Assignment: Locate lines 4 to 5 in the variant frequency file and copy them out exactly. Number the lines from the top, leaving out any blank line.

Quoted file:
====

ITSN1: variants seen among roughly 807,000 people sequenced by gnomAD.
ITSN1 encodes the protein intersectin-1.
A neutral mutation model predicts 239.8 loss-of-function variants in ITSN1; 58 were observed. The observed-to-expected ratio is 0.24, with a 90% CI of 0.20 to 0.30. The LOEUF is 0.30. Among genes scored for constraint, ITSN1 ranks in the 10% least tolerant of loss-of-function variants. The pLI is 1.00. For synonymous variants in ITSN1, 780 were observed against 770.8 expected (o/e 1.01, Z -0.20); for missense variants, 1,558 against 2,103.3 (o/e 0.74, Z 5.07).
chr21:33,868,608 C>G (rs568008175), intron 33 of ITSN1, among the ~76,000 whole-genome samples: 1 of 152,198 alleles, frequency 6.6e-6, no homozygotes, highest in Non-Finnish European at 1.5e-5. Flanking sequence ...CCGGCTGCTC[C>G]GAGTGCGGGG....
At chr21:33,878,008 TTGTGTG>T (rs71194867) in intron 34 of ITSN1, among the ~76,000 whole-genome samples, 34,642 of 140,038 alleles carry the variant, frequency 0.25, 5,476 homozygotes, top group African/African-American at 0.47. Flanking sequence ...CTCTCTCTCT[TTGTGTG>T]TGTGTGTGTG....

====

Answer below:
chr21:33,868,608 C>G (rs568008175), intron 33 of ITSN1, among the ~76,000 whole-genome samples: 1 of 152,198 alleles, frequency 6.6e-6, no homozygotes, highest in Non-Finnish European at 1.5e-5. Flanking sequence ...CCGGCTGCTC[C>G]GAGTGCGGGG....
At chr21:33,878,008 TTGTGTG>T (rs71194867) in intron 34 of ITSN1, among the ~76,000 whole-genome samples, 34,642 of 140,038 alleles carry the variant, frequency 0.25, 5,476 homozygotes, top group African/African-American at 0.47. Flanking sequence ...CTCTCTCTCT[TTGTGTG>T]TGTGTGTGTG....